Winkelman Architecture

Trollstua Huset

New Meadows River, Brunswick, ME

Completed 2010

Project Team: Eric Sokol, Will Winkelman

Builder: Ron Leblanc

Photography: Trent Bell, Eric Sokol and Will Winkelman

Trollstua (Troll's Den) - a Norwegian reference.

[more info]

Our client, a single university professor, had purchased a small property on the banks of a tidal river in Brunswick, Maine, that had an existing ranch that was neglected, cramped and composting. A tear-down/rebuild was the clear choice.  Her goals were to create a modest, bright, comfortable, and energy efficient new camp on a tight budget that she could enjoy year round that made the most of the natural beauty of the site.  

The result is a 1090 sf, single level, two bedroom dwelling. Zoning constraints on the rebuild (we were well into the shoreland zone) forced a creative approach to forming the new structure’s volume. A traditional gabled roof would have exceeded the allowable volume, so instead we warped a flat roof, laying it flat and low at the private/bedrooms end, and twisted it up to the water views, south light and more expansive living spaces on the public/living/water end. A planted roof seemed to be a self-evident choice, especially given the overwhelming beauty of the site, blending in seamlessly.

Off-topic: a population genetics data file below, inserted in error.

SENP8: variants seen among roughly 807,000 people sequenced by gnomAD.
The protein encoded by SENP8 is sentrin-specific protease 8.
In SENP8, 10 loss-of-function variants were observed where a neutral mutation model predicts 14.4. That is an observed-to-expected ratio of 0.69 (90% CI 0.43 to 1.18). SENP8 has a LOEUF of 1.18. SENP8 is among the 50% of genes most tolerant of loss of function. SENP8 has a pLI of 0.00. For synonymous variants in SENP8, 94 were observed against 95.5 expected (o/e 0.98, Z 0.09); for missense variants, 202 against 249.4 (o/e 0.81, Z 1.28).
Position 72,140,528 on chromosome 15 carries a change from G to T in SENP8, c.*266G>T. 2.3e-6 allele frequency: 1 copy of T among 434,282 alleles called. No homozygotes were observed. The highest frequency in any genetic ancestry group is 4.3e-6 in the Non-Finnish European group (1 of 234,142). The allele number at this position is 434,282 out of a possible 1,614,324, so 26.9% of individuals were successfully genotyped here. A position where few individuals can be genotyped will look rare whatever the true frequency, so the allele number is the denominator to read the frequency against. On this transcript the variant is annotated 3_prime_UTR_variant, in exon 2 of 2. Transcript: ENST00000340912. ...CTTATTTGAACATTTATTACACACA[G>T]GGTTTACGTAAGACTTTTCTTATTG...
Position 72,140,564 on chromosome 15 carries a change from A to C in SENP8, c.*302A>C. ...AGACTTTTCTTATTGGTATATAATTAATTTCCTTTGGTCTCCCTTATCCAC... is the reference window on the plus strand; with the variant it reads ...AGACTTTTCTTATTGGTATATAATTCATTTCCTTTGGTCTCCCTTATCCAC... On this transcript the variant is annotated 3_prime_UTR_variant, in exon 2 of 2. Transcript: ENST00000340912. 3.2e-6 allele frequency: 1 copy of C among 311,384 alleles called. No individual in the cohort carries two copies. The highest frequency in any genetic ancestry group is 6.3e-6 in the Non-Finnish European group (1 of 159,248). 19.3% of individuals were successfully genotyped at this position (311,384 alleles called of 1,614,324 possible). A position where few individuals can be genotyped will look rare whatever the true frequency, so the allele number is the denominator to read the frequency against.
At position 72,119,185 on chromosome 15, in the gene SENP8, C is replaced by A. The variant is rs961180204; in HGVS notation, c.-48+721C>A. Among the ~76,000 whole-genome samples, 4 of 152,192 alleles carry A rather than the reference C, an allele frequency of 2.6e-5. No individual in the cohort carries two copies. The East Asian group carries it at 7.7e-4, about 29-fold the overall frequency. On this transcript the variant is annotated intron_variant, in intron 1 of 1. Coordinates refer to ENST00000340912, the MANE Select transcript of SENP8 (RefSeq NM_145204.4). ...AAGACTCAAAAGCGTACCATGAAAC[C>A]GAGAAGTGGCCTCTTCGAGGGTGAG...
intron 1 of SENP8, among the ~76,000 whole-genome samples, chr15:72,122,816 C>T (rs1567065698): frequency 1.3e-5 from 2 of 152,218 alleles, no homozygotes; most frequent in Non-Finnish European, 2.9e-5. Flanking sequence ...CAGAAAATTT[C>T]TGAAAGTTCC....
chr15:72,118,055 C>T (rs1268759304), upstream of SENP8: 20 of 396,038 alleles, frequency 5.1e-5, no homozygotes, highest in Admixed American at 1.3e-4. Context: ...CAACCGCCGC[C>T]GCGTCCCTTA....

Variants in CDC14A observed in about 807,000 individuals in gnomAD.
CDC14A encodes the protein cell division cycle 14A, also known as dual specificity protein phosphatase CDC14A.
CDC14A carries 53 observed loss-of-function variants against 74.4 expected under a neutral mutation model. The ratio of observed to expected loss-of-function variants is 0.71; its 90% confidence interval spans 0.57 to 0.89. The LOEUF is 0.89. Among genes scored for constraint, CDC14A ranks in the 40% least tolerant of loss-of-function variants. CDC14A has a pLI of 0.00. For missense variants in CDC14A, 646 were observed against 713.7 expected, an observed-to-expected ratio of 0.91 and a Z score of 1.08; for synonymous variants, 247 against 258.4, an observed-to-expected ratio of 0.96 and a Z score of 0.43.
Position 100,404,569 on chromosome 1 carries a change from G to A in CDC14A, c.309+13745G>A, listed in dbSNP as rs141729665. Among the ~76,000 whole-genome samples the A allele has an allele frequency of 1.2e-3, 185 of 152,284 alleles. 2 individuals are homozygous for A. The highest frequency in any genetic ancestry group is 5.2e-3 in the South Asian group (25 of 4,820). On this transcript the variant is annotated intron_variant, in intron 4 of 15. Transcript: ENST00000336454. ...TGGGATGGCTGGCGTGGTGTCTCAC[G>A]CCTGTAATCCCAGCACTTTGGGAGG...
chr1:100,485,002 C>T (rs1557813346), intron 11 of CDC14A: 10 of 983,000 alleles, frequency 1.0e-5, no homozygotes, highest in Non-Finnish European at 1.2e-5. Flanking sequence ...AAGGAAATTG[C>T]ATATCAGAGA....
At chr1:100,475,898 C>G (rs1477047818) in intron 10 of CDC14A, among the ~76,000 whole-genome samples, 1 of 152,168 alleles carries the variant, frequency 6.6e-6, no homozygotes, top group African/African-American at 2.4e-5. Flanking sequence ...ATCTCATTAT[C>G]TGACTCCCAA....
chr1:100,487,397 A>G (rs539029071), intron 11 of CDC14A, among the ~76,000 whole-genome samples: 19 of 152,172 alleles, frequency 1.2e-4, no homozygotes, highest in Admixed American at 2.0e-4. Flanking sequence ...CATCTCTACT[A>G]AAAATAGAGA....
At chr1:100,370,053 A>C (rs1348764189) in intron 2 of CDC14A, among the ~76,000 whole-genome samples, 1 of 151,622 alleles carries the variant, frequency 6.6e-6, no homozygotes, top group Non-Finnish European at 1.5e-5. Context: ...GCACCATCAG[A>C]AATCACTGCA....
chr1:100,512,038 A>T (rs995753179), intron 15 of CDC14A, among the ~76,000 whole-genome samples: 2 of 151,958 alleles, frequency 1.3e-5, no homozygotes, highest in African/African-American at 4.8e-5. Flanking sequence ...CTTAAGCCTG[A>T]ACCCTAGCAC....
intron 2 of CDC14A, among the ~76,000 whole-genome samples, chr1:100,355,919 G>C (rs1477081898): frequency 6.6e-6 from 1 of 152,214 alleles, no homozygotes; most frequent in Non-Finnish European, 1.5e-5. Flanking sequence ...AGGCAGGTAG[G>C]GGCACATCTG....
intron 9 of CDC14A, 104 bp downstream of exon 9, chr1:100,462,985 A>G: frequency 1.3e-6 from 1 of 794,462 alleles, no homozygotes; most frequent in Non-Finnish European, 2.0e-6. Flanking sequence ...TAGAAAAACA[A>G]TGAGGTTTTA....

The client’s family is from Norway, so a Scandinavian vibe was fitting, and the planted roof concept caught-on.  The planted roof was a practical choice as well, reducing runoff and bolstering the already super-insulated building envelope (though we found few planted roof precedents or resources in Maine to draw from... so we had to figure it out as we went along... since then we have designed several more). The carefully crafted woodwork, completed at a reasonable price.

Almost all of the interior and exterior finishes were sourced from local mills and quarries. This fit in nicely with the green spirit of the house but had the added bonus of keeping costs low.  The scale of the finishes was deliberately exaggerated to emphasize the small structure’s strong and unique relationship to its natural surroundings.